In my humble opinion, that all rests on whether or not the will exists to find an innovative solution to meet the government's needs. For example, if the government shows its intention to reduce the environmental footprint of its methods of transportation, there will be an enthusiastic reaction in equipping the fleet of public vehicles with electric ones. However, in the case of wood construction, the intention expressed is not to use better construction to adapt government-owned buildings to the toughest standards. Instead, they say that they want to consider wood in order to help the forestry industry.
In that case, the message being sent loud and clear is that it will be complex and expensive. In the entire chain leading to the completion of a project, we see a very serious lack of interest. As soon as they can, people say that the option is being put to one side, that the matter is settled, that the political movers and shakers are satisfied and that, in response to the demand, the intention, that they had expressed, they have been shown that wood has to be set aside, or that using it is more complicated. They can then move on to something else and work in the same way as they always have.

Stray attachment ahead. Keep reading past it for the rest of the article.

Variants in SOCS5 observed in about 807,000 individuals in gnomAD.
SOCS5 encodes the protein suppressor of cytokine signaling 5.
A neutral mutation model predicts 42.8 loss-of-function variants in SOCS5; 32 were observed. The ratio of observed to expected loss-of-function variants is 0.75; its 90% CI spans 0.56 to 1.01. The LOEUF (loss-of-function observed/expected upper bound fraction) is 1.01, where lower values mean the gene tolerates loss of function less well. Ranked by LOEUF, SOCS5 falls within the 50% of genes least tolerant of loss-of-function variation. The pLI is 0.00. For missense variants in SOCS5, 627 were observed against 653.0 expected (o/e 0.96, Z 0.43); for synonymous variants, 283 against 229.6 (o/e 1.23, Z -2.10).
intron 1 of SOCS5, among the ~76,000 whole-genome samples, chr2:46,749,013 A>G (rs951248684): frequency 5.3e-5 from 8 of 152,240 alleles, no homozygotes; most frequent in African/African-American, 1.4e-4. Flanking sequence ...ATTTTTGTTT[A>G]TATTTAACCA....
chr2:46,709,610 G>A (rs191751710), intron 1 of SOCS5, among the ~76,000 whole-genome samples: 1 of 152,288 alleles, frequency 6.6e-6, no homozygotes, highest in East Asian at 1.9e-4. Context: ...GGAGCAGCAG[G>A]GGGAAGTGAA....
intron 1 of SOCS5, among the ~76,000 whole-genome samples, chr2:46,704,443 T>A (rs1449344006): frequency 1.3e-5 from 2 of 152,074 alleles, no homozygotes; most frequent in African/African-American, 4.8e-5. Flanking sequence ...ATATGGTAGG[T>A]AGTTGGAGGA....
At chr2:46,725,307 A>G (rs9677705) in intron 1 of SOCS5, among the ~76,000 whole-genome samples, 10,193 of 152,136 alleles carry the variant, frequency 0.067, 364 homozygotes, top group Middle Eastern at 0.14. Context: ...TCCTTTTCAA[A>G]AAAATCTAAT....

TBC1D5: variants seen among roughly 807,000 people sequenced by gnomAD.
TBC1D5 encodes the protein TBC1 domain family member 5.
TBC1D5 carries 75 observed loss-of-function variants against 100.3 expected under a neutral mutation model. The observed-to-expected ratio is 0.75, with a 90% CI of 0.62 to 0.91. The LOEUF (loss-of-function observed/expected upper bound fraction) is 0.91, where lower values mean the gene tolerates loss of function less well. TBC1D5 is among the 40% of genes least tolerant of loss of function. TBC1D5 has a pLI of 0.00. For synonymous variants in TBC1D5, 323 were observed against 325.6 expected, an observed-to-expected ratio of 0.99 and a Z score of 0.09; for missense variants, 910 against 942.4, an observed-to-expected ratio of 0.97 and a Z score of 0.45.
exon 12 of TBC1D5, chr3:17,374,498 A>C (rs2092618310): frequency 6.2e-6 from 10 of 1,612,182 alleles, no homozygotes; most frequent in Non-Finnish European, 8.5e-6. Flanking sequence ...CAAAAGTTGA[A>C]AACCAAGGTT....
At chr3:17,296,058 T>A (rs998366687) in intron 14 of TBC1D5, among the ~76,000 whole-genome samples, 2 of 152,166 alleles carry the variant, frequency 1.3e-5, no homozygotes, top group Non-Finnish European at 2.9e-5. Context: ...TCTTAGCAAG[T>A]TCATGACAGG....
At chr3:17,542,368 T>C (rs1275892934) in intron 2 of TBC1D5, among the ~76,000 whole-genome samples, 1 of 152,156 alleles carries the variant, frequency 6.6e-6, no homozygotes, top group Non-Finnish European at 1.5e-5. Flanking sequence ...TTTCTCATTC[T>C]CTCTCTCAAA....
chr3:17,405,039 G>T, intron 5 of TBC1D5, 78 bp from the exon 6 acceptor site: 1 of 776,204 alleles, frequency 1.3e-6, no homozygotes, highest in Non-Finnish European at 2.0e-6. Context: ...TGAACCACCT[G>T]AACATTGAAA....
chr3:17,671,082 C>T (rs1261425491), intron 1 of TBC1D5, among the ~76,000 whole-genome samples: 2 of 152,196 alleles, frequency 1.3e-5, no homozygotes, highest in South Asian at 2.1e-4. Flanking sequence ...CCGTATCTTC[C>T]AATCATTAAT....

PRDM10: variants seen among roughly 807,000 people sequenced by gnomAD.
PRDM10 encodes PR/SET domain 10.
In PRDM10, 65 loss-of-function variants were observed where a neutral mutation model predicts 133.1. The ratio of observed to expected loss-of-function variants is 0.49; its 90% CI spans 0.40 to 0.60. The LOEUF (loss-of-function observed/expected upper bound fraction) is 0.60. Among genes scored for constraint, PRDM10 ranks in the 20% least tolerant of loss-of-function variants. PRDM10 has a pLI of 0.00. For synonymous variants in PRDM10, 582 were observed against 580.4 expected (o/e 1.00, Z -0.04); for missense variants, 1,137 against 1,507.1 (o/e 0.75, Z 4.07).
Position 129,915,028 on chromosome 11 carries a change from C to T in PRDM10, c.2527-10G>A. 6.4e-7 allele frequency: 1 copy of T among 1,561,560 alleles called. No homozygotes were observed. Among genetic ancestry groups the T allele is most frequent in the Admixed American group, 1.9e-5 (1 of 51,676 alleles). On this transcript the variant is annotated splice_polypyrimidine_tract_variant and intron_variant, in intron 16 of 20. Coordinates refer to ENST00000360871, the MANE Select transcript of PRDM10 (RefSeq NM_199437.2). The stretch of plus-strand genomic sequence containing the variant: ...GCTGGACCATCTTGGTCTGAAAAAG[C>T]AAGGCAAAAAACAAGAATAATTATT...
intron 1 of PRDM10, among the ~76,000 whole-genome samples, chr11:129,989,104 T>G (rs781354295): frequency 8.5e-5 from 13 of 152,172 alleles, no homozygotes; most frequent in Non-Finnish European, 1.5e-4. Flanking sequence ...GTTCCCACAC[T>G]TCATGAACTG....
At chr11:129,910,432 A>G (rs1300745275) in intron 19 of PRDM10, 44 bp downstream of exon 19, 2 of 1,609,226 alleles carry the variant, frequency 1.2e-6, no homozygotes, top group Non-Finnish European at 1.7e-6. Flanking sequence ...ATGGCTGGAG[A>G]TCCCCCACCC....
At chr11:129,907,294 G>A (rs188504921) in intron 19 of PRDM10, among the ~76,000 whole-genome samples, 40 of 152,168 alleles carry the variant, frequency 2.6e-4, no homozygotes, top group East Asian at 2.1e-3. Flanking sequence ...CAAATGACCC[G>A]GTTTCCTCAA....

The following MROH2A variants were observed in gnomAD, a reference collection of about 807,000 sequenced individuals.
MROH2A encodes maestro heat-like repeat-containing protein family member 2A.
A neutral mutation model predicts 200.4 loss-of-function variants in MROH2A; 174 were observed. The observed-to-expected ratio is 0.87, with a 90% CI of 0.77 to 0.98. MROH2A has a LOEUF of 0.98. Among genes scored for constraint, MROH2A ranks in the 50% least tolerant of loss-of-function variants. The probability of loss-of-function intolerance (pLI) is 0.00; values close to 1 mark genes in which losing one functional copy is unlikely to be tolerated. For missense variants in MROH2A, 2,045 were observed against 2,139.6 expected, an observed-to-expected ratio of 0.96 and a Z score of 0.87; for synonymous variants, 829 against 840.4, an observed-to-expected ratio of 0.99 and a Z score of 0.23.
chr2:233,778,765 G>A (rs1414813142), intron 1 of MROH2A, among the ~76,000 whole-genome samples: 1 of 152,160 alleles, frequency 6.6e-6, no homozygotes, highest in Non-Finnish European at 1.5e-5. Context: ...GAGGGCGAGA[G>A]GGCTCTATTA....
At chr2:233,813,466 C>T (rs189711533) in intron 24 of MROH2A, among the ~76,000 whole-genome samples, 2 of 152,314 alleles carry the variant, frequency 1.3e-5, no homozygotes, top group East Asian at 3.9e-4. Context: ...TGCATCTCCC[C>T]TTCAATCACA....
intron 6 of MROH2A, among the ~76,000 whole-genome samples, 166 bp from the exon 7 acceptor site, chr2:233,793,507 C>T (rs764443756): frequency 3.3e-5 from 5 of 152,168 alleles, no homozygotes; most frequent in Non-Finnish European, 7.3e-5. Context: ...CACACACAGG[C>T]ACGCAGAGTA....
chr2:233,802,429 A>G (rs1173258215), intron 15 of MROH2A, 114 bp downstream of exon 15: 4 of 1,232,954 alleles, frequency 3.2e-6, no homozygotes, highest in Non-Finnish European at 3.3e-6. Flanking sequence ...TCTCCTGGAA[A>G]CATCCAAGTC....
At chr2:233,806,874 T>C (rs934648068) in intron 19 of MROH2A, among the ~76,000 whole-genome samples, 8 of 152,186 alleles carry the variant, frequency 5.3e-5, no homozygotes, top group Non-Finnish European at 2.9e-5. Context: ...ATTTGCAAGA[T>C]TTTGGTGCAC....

There really is a resistance to innovation in general. The other key factor is motivation. In terms of using wood, that is what causes it to be ignored as an option.